U.S. Assistance Saves Lives

Statement on Presidential Elections in Niger

Opinion Editorial By Eric Whitaker, U.S. Ambassador to Niger

Today, Niger finds itself embroiled in a global crisis not seen for generations, but the United States stands ready to support the fight against this pandemic.  The story of U.S. leadership in the global battle against COVID-19 is a story of days, months, and decades.  Every day, new U.S. technical and material assistance arrives in hospitals and labs around the world.  These efforts, in turn, build on a decades-long foundation of American expertise, generosity, and planning that is unmatched in history.  The United States provides aid for altruistic reasons, because we believe it’s the right thing to do.  We also do it because pandemics don’t respect national borders.  If we can help counties contain outbreaks, we’ll save lives abroad and at home in the United States.  That generosity and pragmatism explains why the United States was one of the first countries to provide help to the Chinese people as soon as reports emerged from Wuhan of another outbreak of COVID-19.  In early January, the U.S. government offered immediate technical assistance to the Chinese Centers for Disease Control.  In the first week of February, the United States transported nearly 18 tons of medical supplies to Wuhan provided by Samaritan’s Purse, The Church of Jesus Christ of Latter Day Saints, and others.  We also pledged $100 million in assistance to countries to fight what would become a pandemic – including an offer to China, which was declined.  Our response now far surpasses that initial pledge.

Since the outbreak of COVID-19, the U.S. government has committed nearly $500 million in assistance.  This funding will improve public health education, protect healthcare facilities, and increase laboratory, disease-surveillance, and rapid-response capacity in more than 60 of the world’s most at-risk countries – all in an effort to help contain outbreaks and slow, or halt, the spread of this disease.  Our aid helps people in the most dire circumstances.  For instance, the U.S. government works with non-governmental organizations to deliver medicines, medical supplies, and food to the Syrian people, including those living in regime-held areas.  We are helping United Nations agencies and non-governmental organizations build more water, sanitation, and health facilities across northern Syria to prevent the spread of the virus.  We are aiding friends from Africa to Asia, and beyond. America’s unsurpassed contributions are also felt through the many international organizations fighting COVID-19 on the frontlines.  The U.S. has been the largest funder of the World Health Organization (WHO) since its founding in 1948.  We gave more than $400 million to the institution in 2019 – nearly double the second-largest contribution and more than the next three contributors combined.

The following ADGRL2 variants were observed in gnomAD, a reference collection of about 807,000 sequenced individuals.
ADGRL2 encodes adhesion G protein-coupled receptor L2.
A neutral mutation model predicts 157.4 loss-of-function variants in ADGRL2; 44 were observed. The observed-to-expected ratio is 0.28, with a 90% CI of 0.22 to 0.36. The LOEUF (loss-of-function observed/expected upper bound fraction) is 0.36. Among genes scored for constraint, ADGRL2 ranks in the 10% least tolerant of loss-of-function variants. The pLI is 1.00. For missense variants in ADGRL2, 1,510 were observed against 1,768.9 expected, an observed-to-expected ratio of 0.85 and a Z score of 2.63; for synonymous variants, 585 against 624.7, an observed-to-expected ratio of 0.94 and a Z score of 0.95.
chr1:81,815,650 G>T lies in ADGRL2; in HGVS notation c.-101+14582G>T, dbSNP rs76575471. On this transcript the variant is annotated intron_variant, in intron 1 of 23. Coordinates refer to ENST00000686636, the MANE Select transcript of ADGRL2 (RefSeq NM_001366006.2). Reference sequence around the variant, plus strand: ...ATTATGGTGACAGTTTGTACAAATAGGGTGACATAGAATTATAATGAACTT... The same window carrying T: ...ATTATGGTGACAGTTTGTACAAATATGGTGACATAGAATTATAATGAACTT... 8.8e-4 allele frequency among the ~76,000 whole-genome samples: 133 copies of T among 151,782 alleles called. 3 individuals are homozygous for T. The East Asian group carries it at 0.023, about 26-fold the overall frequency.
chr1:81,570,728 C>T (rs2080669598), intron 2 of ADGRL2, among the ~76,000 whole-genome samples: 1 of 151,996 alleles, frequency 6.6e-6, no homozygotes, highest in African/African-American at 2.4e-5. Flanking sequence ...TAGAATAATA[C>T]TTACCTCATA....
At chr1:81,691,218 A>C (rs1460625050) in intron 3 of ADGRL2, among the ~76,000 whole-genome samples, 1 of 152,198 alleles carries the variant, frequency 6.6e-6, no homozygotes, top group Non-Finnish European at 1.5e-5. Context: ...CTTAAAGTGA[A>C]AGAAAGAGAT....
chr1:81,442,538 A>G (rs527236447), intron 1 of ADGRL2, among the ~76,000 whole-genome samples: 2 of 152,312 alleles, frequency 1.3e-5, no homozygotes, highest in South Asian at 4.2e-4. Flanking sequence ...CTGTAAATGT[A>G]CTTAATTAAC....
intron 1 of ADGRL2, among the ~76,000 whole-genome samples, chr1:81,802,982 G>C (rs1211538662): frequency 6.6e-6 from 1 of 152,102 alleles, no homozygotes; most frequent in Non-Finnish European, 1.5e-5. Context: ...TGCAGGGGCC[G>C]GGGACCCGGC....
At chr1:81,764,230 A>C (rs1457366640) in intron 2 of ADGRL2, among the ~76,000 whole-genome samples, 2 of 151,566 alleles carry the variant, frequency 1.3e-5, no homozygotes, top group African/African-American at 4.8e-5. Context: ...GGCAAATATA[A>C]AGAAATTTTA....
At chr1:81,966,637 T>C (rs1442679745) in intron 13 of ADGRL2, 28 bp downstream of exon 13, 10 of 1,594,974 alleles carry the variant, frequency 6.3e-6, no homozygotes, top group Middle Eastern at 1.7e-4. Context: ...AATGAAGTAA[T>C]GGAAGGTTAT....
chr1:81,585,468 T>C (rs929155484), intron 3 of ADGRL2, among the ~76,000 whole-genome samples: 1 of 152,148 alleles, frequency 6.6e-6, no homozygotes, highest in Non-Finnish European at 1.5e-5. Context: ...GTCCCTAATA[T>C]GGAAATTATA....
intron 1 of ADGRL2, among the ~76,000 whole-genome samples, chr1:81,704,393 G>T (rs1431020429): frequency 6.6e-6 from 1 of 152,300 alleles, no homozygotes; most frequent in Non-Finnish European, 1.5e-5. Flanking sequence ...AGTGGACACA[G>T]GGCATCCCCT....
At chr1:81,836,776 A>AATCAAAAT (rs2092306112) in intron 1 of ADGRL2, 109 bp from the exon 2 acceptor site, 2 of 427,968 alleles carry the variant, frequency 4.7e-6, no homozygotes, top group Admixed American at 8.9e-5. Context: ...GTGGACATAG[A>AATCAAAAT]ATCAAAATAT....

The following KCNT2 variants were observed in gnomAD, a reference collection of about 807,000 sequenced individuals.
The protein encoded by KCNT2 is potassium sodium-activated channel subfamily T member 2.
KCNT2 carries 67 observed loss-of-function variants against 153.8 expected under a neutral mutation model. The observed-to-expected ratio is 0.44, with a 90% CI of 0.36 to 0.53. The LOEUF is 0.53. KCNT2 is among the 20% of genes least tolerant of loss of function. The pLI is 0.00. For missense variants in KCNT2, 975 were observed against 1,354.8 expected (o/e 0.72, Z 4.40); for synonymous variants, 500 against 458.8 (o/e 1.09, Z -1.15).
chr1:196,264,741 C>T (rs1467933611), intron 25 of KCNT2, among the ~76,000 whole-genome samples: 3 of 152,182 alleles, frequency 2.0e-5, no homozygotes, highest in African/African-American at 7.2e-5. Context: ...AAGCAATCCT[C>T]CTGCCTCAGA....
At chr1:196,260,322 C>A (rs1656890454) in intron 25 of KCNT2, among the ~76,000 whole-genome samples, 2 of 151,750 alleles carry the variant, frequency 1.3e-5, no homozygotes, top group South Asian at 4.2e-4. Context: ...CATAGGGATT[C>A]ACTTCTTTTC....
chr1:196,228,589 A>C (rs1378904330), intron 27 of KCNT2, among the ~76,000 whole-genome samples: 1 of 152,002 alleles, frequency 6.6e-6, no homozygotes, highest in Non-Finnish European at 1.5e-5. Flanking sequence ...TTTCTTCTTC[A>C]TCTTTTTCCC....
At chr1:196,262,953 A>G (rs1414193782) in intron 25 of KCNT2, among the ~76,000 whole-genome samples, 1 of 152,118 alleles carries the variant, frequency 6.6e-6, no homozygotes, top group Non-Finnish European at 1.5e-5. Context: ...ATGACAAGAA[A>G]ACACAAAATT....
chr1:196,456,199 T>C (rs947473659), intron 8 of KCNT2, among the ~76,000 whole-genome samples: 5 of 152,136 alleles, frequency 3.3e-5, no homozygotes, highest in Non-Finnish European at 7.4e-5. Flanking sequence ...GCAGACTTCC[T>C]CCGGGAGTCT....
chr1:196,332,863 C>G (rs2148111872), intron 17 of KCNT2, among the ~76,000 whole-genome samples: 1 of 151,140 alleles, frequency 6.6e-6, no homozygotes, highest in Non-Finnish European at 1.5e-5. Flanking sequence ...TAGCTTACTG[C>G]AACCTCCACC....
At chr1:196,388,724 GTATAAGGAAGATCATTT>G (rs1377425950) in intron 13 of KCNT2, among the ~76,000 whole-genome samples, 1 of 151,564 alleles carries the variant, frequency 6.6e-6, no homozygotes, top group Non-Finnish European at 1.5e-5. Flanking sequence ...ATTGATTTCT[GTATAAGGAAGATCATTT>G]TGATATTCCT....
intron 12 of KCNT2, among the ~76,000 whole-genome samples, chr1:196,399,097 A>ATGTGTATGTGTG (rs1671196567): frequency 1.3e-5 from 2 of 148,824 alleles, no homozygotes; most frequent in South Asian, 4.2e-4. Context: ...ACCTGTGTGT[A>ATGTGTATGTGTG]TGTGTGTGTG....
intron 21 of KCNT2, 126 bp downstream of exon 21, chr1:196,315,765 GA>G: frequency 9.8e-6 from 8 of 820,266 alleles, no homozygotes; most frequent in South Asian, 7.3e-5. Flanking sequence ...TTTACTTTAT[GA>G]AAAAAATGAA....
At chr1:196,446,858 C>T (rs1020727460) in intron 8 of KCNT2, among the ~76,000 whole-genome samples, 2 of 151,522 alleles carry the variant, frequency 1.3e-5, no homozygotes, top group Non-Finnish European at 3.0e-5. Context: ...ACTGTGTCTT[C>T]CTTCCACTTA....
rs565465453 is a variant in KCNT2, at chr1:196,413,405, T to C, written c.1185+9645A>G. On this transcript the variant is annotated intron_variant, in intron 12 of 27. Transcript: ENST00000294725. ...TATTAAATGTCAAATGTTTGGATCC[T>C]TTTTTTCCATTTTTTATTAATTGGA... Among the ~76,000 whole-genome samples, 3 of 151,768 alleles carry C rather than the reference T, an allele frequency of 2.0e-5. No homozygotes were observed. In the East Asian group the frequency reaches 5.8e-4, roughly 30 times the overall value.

It’s a similar story with the UN High Commissioner for Refugees (UNHCR), which the U.S. backed with nearly $1.7 billion in 2019.  That’s more than all other member states combined, and more than four times the second-largest contributor, Germany.  Then there is the World Food Program (WFP), to which the U.S. gave $3.4 billion last year, or 42% of its total budget.  That’s nearly four times the second-largest contributor and more than all other member states combined.  We also provided more than $700 million to the United Nations Children’s Fund (UNICEF), more than any other donor.  We are proud that when these international organizations deliver food, medicines, and other aid all around the world, that too is largely thanks to the generosity of the American people, in partnership with donor nations.  Our country continues to be the single largest health and humanitarian donor for both long-term development and capacity-building efforts with partners, and emergency response efforts in the face of recurrent crises.  This money has saved lives, protected people who are most vulnerable to disease, built health institutions, and promoted the stability of communities and nations.  America funds nearly 40% of the world’s global health assistance programs, adding up to $140 billion in investments in the past 20 years – five times more than the next largest donor.  Since 2009, American taxpayers have generously funded more than $100 billion in health assistance and nearly $70 billion in humanitarian assistance globally.